MattLong201 wroteI have a Samsung 32" LED monitor (1920 x 1080 resolution).
TV or monitor? If it's a TV, dump it and buy a nice monitor. If it's a monitor, use it for now at least, but I'd probably still want to upgrade it at some point in the near future.
MattLong201 wroteI haven't planned to overclock, not sure if I should?
Not if you don't want to. There's no need to overclock unless you specifically want to really. Well, with Intel. With Ryzen you really might as well OC IMO since all Ryzen CPUs are unlocked anyway, and it's really not hard to OC.
[quote=MattLong201"]Is the motherboard "meh" because of the brand? How do you know what to look for in a good mobo?[/quote]
Not the brand specifically, no. Companies make good and bad products. There are different things which will determine how good a motherboard is, mostly the VRMs. Gigabyte's VRMs are meh. They're not god awful, but there is definitely better. AFAIK, all of Asus' AM4 mobos are solid, so I tend to lean towards Asus. I'm a bit bias towards Asus though because I've used Gigabyte and MSI mobos in the past, but my current Asus board is so much better, and Asus' UEFI is the best you can get IMO. You're really not going wrong with any B350 or X370 mobo, aside from a few, like some of Asrocks cheapest B350 boards are utter garbage.
MattLong201 wroteAs for the PSU, is it iffy because of the brand or the capability? (i.e. if I up it to a, say, 700W is that better, or is it because I'm getting a Thermaltake?
No. Same as with motherboard. Companies make good and bad products. Thermaltake have some pretty decent PSUs, just this specific one is pretty bad. Again, it's not the worst but you can do better. As for wattage, a 450W PSU is enough for any modern single GPU system, as long as you don't have an HEDT CPU(like Threadripper or X299).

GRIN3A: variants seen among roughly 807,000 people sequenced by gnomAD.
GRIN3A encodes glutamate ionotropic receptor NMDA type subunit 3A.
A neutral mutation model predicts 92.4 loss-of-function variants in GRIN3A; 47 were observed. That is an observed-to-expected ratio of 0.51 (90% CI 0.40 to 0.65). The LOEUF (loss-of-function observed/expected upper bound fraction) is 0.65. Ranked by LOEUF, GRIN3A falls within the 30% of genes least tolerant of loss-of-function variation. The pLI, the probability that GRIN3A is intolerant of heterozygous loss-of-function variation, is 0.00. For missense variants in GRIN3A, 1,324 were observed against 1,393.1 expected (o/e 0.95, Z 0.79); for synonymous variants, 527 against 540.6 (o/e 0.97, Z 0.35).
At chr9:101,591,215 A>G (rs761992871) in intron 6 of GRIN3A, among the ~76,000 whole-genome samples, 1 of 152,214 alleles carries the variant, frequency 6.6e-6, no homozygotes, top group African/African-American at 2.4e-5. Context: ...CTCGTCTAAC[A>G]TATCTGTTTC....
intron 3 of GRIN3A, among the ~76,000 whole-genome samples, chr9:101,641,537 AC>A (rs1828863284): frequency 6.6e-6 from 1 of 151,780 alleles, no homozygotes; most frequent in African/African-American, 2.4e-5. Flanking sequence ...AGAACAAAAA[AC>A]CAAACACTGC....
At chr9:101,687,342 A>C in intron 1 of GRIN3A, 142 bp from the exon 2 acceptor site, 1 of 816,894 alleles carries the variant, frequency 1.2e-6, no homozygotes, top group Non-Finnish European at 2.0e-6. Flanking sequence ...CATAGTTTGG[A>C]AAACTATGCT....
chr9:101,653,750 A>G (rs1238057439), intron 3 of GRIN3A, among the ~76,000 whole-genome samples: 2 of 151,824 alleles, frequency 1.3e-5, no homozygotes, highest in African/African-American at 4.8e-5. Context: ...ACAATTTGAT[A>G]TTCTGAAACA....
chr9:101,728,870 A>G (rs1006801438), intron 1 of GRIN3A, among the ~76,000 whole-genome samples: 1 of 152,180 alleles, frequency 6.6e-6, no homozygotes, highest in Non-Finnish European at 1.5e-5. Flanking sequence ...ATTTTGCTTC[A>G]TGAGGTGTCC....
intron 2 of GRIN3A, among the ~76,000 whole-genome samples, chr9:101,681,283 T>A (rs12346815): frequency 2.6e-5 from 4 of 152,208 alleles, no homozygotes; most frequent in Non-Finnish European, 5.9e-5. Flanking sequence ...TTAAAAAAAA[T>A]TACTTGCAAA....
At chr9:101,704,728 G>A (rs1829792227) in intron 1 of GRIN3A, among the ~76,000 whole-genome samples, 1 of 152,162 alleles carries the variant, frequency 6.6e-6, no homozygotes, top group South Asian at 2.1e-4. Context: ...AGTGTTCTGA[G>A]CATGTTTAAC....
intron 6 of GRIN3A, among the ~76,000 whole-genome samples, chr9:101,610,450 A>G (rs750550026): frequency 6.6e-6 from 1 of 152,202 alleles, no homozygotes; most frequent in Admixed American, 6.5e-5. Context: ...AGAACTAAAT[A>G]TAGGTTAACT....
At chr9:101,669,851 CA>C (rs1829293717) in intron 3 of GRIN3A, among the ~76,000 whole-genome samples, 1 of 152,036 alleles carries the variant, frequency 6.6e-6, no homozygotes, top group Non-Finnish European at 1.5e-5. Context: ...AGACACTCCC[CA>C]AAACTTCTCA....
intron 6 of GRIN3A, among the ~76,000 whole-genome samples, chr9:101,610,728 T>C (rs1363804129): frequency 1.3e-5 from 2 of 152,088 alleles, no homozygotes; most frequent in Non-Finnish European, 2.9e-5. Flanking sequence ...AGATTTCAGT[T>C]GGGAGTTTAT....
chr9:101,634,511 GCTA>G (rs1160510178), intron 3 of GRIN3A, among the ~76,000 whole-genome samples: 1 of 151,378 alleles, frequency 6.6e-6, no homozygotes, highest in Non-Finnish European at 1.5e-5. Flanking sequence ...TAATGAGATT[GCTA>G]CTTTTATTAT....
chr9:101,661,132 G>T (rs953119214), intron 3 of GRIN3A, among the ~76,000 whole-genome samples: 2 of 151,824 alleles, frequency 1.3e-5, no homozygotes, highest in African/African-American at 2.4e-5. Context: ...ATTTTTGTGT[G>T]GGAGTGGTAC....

MattLong201 wroteChanged case to a Phanteks Eclipse P400S (https://www.pccasegear.com/products/37220/phanteks-eclipse-p400s-tempered-glass-satin-black/) .
Super solid option. This is what I was going to recommend. Although, you could get the P300. It's the P400S' little brother, so you lose some stuff, like rubber grommets for cable management, you lose some fan/rad support, and the P300 is a bit smaller but it's $50AUD cheaper, at $80AUD. It's a bulletproof option for the price, but the P400S is better so I'd be choosing between those 2.
PCPartPicker part list / Price breakdown by merchant
CPU: Intel - Core i5-8400 2.8GHz 6-Core Processor ($279.00 @ Scorptec)
Motherboard: ASRock - Z370 Pro4 ATX LGA1151 Motherboard ($195.00 @ PLE Computers)
Memory: Corsair - Vengeance LPX 8GB (1 x 8GB) DDR4-2666 Memory ($105.00 @ Umart)
Storage: Samsung - 850 EVO-Series 250GB 2.5" Solid State Drive ($132.50 @ Shopping Express)
Video Card: Gigabyte - Radeon RX 580 4GB Gaming 4G Video Card ($369.00 @ Shopping Express)
Case: Phanteks - ECLIPSE P400S TEMPERED GLASS ATX Mid Tower Case ($129.00 @ PCCaseGear)
Power Supply: Corsair - CXM (2015) 450W 80+ Bronze Certified Semi-Modular ATX Power Supply ($75.00 @ Shopping Express)
RX 580 is going to be more than adequate for 1080p. If you up the GPU to a GTX 1070, you'll be right around the $1500AUD mark, but I'd probably only do this if you plan on getting a better monitor sometime soon. Coffee Lake i5 is by far the better option over Ryzen considering you only plan on gaming. Unfortunately, Z370 motherboards are the only ones available right now that are compatible, so you have to pay more for a mobo than I'd like, but even with this added cost, Coffee Lake is still going to be the better choice than Ryzen.